* Democratic urban planning aiming at a transition towards convivial, sustainable urban communities must replace the chaotic irrationality of present-day megacities.

* Methods to set development targets based on an index of overall well-being and happiness must replace the reductionist GDP (gross domestic product).

* Direct, participatory democracy must replace "democracy" reduced to elections dominated by corporate financiers and the big media.

* Political power and communications must be legislated as public services to eradicate the generalized corruption, where governments, politicians and the media are captive to the interests of big capital.

* Democratic planning, bottom-up and top-down, must replace the chaotic capital market in which each individual, each enterprise and each country plans its own development in isolation, seeking to maximize individual benefits in opposition to one another.

* The systemic, holistic vision of Mother Earth as a living organism, and we humans as a modest, but conscious, reflexive part of this organism, must replace the atomized view that underpins the prevailing egocentrism, corporate-centrism, anthropocentrism and andro-centrism of our decaying patriarchal culture. Cooperation, democratized communication, the celebration of life, the primacy of feminine values - care, plurality, reciprocity, solidarity, peace, harmony with the natural milieu, love (the continuous construction of unities respecting diversity) - must replace the culture of war between people, enterprises, countries and races, and the brutal war of societies against Mother Earth.

What I am saying is that we must read current realities in Brazil and the world with new spectacles, different from those we are used to wearing. We should focus the interconnection between all beings and forms of life, and promote solidarity, sustainability and love towards the Planet that gives us life and sustenance. If we want to be a healthy, united and happy species evolving towards higher realms of complexity and well-being, we must build a democratized, socialized, cooperative, solidarity economy. And we must practice it as the evolutionary path towards the higher goal of human and social development in the sense of enhanced well-being and happiness - without delay!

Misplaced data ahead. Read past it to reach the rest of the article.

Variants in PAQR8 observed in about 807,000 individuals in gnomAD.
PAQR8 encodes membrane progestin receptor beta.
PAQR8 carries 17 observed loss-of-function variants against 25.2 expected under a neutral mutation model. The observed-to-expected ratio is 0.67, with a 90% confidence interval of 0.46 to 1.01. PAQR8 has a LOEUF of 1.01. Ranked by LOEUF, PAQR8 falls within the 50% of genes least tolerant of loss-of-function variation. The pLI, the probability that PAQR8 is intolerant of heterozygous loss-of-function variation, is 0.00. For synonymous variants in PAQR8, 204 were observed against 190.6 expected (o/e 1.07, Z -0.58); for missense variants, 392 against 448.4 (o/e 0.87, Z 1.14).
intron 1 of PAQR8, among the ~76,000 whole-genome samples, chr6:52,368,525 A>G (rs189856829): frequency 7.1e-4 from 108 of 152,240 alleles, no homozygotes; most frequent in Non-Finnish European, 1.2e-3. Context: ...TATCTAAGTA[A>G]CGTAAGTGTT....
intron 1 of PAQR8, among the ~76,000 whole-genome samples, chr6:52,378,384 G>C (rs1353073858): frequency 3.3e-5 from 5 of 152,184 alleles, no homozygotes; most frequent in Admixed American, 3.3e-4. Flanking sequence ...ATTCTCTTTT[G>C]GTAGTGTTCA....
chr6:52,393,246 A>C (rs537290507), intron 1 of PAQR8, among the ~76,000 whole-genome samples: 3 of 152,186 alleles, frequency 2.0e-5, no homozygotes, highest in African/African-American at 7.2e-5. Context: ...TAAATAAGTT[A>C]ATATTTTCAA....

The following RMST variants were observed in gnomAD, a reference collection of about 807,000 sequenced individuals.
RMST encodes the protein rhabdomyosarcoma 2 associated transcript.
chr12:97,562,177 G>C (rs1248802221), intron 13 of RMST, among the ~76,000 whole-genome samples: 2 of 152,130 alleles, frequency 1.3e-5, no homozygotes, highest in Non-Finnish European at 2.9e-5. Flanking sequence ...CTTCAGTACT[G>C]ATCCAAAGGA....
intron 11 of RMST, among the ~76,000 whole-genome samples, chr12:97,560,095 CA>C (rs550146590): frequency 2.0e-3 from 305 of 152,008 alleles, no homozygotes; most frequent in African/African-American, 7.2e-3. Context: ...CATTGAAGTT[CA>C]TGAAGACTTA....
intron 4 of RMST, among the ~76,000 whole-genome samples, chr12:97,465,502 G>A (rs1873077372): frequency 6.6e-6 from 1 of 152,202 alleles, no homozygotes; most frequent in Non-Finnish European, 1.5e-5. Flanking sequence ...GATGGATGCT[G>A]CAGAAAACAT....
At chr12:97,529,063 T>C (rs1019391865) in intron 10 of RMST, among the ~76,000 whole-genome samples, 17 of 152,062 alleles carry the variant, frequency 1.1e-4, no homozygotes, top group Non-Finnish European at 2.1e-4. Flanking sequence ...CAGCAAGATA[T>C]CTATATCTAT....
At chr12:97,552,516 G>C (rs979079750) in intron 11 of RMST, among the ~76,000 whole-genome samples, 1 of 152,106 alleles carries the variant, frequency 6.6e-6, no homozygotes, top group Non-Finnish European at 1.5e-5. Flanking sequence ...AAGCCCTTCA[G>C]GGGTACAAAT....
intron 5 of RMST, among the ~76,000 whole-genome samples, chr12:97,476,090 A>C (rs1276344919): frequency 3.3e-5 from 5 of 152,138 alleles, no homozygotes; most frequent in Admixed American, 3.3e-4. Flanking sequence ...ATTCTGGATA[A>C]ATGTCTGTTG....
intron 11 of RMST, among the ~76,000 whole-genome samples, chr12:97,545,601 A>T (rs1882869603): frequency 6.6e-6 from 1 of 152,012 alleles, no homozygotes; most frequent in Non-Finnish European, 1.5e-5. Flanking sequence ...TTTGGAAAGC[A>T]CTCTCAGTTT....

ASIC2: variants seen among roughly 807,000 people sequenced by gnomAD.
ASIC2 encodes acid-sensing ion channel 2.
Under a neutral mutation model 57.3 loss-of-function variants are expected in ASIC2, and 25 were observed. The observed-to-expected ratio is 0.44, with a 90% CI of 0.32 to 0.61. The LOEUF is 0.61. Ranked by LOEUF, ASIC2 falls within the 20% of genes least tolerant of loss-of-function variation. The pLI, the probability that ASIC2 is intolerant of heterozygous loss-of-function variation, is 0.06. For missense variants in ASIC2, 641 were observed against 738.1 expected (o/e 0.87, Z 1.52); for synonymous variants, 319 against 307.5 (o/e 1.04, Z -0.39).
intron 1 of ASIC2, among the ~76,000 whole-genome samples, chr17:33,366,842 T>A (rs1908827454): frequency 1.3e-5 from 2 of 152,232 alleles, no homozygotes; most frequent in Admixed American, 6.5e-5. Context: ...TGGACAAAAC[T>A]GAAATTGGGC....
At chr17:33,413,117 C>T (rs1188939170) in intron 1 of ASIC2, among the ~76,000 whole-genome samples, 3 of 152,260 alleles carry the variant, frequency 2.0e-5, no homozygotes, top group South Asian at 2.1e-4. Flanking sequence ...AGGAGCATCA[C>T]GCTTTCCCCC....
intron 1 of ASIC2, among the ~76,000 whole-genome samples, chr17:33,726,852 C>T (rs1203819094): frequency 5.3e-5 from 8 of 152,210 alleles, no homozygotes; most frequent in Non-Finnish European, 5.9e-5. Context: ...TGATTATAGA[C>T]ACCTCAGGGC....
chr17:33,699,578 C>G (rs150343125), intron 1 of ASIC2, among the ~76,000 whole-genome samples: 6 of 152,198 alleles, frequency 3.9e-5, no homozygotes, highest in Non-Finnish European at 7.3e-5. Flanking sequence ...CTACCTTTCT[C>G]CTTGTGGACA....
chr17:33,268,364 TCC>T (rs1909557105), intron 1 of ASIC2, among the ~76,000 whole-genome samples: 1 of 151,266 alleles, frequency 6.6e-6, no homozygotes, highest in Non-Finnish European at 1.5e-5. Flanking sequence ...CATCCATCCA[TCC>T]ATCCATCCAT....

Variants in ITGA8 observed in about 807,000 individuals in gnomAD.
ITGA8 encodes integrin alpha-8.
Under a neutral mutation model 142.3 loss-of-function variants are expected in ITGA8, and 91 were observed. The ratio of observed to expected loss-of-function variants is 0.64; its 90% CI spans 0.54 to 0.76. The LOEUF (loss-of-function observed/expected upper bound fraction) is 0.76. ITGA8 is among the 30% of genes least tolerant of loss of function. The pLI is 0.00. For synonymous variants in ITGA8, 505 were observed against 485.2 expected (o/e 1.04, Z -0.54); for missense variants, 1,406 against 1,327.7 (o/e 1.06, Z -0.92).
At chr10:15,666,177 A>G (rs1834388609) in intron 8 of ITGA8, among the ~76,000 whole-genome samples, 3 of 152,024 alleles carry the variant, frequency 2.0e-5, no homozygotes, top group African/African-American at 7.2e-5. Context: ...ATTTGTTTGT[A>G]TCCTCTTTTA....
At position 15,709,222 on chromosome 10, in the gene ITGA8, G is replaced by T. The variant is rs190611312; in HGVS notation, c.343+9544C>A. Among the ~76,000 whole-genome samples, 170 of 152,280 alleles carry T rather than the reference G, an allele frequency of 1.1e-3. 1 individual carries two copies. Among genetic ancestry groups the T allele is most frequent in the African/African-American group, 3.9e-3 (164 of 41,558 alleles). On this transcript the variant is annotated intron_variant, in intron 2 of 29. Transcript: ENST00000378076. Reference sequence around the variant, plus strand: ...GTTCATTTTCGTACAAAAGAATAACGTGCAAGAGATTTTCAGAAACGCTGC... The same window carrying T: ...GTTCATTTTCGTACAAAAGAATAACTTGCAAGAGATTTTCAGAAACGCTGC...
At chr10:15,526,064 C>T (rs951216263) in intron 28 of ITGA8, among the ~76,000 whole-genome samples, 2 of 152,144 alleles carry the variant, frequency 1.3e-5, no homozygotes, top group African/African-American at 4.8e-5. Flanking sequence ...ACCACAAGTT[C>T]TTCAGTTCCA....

This thinking is particularly timely in Brazil today, where the national elections going on now are only formally democratic. It breaks with the dominant productivist-consumerist paradigms of both left and right -both of which are prey to the growth paradigm that divorces the economy from society and ecology.

[1] Economist and educator, coordinator of PACS (Institute Alternative Policies for the Southern Cone of Latin America), and fellow of theTransnational Institute (Amsterdam).

[2] "Basileia III: bancos terão que aumentar capital de proteção contra crises", at: http://oglobo.globo.com/economia/mat/2010/09/12/basileia-iii-bancos-terao-que-aumentar-capital-de-protecao-contra-crises-917610577.asp

[3] Ver Marcos Arruda, 2003, "Trabalho Emancipado", Verbete no livro A Outra Economia, em co-autoria com vários autores, Veraz Editores e Unitrabalho, Porto Alegre, janeiro.

[4] In July 2010 Brazil's domestic public debt reached more than 2 trillion reais (US$ 1.3 trillion), and the total external debt was over US$ 300 billion. Almost 60% of Brazilian households are in debt to private and public banks.